19 December 2011

the evolution of the right fielder, part 2

we begin part 2 (here's part 1 if you missed it or want a refresher) with perhaps one of the greatest right-handed hitters in dodger history, who was eventually traded away and revealed to be a 'clubhouse cancer'.  come to think of it, we'll end part 2 the same way.

pedro guerrero (1981-1982)
petey took over for the injured reggie smith in 1981, although he wound up finishing the season as the dodgers' third baseman.  guerrero's .300 season (an all-star season, at that) helped the dodgers advance to the postseason, where he was playing third in the nlds against the astros, too. he hit only .176 in that series, although he did have a big solo home run in game 4 to give the dodgers the lead.  he was worse in the nlcs against the expos while playing right and center, but came up big in the world series where he was one of the triumvirate of mvp's as the dodgers beat the yankees.

in 1982, guerrero had his first monster season.  he hit 32 home runs, drove in 100, stole 22 bases, hit .304 with a .914 ops and finished 3rd in the mvp voting.  however, with the loss of ron cey in the offseason, guerrero was moved to third base for 1983, opening the right field door for...
mike marshall (1983, 1985-1989)
man, i was ready for marshall.  he had won the aaa triple crown in 1981 with some monster numbers, and was hitting .388 in albuquerque when he was called up for good in 1982.  now with a full-time gig in right, i was looking forward to some huge big league numbers.  what we got was pretty good.  in 1983, marshall produced a line of 17/65/.284, and capped his season with a 10th inning walk-off grand slam against the reds in september.  then, after a year in left, marshall went 28/95/.293 in 1985.  he had some ups and downs the following four seasons as the dodgers' primary right fielder, but had a big up in game 2 of the 1988 world series.  he drove in 3 runs with a triple and a home run to keep the momentum going that kirk gibson had created in game 1.  after the 1989 season, the dodgers traded marshall to the mets.  before that, however, another dodger minor league wonder patrolled right field.

candy maldonado (1984)
while mike marshall spent his sabbatical in left field after the loss of dusty baker, candido maldonado played right. he hit .268 with 5 home runs in 116 games in 1984, before joining in the game of musical outfielders and moving to center in 1985.

hubie brooks (1990)
so, the dodgers traded marshall to the mets for juan samuel after the 1989 season, and then signed another former met to play right field for them in 1990.  brooks came in and hit 20 home runs, drove in 91, and had an average of .266.  and, for the third season in a row, struck out exactly 108 times.  then, for the second year in a row, the dodgers traded their primary right fielder to the mets and signed a former met to take his place.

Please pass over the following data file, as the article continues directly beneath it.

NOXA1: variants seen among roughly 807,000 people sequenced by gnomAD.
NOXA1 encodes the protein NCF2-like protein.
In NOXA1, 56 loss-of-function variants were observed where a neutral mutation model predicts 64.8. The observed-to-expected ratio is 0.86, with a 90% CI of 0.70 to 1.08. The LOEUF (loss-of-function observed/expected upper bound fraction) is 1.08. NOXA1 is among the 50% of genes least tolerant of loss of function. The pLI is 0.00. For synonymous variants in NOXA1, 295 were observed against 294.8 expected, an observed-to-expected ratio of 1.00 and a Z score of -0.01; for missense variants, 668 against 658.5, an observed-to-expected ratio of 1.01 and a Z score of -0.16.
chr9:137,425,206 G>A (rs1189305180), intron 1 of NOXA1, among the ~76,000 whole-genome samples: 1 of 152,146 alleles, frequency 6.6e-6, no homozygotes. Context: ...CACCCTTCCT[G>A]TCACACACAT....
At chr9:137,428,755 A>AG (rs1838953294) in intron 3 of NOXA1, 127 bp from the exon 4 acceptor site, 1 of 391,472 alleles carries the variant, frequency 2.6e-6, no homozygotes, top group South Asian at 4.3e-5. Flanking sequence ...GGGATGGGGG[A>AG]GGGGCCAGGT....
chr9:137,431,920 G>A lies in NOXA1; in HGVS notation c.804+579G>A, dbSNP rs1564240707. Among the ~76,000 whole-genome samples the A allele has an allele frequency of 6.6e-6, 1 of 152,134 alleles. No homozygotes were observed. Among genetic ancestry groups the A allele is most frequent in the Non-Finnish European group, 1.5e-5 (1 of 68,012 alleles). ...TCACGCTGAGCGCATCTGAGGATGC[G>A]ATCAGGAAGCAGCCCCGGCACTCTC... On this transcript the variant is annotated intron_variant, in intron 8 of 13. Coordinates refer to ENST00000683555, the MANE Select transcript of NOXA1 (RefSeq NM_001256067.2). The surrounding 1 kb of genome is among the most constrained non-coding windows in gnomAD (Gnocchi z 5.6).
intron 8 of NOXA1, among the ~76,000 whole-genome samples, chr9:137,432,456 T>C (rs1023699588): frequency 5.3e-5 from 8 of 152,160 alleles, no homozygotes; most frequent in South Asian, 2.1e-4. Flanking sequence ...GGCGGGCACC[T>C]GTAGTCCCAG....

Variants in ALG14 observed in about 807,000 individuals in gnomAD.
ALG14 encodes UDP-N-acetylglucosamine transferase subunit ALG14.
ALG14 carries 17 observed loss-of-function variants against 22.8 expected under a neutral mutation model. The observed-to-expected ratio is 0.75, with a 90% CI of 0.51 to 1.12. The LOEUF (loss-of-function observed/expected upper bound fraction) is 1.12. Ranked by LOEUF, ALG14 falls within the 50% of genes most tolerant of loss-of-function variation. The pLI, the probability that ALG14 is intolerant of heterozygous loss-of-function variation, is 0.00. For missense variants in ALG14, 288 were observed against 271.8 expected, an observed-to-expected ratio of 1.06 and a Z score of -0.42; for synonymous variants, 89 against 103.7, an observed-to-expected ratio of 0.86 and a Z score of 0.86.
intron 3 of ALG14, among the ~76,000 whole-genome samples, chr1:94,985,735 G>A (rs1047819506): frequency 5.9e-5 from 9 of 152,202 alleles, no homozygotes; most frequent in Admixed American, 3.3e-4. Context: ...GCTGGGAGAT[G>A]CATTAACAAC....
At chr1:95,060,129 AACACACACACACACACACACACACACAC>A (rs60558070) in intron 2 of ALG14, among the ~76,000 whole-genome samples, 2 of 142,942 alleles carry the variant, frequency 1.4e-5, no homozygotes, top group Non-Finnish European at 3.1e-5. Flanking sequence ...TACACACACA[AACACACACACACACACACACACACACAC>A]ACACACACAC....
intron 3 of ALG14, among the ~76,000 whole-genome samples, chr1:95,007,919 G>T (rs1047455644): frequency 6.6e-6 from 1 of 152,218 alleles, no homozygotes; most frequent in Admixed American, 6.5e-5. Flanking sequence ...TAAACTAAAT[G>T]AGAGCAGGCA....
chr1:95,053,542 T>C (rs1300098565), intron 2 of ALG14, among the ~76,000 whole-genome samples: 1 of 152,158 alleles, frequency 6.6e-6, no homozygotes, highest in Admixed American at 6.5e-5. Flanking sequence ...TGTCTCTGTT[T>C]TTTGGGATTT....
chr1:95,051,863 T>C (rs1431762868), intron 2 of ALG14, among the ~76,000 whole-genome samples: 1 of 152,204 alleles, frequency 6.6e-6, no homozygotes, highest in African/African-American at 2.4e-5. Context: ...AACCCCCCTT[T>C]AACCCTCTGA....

darryl strawberry (1991-1992)
it was christmas in november when the dodgers signed strawberry.  his first season was decent - 28 home runs, 99 rbi, .265 average in 139 games, and he made the all-star team for the eighth straight year (and final time in his career).  he helped the dodgers win 93 games in 1991, although they finished a game behind the braves in the standings.  they were actually up 1 game with 4 to play, but lost 3 in a row to lose the nl west crown.  i recall some griping in the local rags about strawberry's performance in the last couple of losses, as he was just 1 for 8 with 3 strikeouts.

1992 was supposed to be better, but he missed a lot of time due to injury, as was the case in 1993. still, strawberry made more starts (39) than any of the other 9 players the dodgers used in right in 1992. then, in 1994, he failed to show up for the freeway series and was found to have entered rehab. 

cory snyder (1993)
in strawberry's absence, the corndog took over most of the right field responsibilities in 1993, making 107 starts there to go along with his other appearances all over the diamond.  he helped the dodgers get back to .500 after their historically bad 1992 season, but was only a temporary stopgap as the dodgers had rauuuuuuuuuuuuuuuuuul ready to go.

raul mondesi (1994-1997, 1999)
mondesi won the rookie of the year award in 1994, and spent the next 3 seasons continuing to kick ass in right field.  he led the league in outfield assists in 1994 and 1995, and won gold gloves in '95 and '97.  1997 was the year he became the first dodger to reach 30/30, and he matched the feat in 1999 when he returned to right from a year as the dodgers' centerfielder.  1999 was also the year when he hit the most dramatic opening day home run since saxy's leadoff job in 1988.  in fact, he had 2 dramatic home runs that day.  first, with the dodgers down 6-3 in the bottom of the ninth in davey johnson's first game as manager, mondesi came up with two outs and two men on base.  he launched a 3-0 pitch into the bullpen to tie the game, and then, in the 11th, he hit a 2-run walk-off to win the game.  still, he was seen as tempermental and was traded to the blue jays in the offseason for shawn green.

gary sheffield (1998)
before we get to green (in part 3), we need to recognize that gary sheffield roamed in right for the dodgers in 1998 while mondesi was patrolling center for a season. or, at least part of a season, as that all happened after the mike piazza trade went down in may of '98.  as a dodger, sheffield played in 90 games in 1998, and hit .316 with a .979 ops.  his next three seasons (as the dodgers' leftfielder) were monsters, but he had worn out his welcome and was traded to the braves, just as pedro guerrero was traded to the cardinals in 1988.

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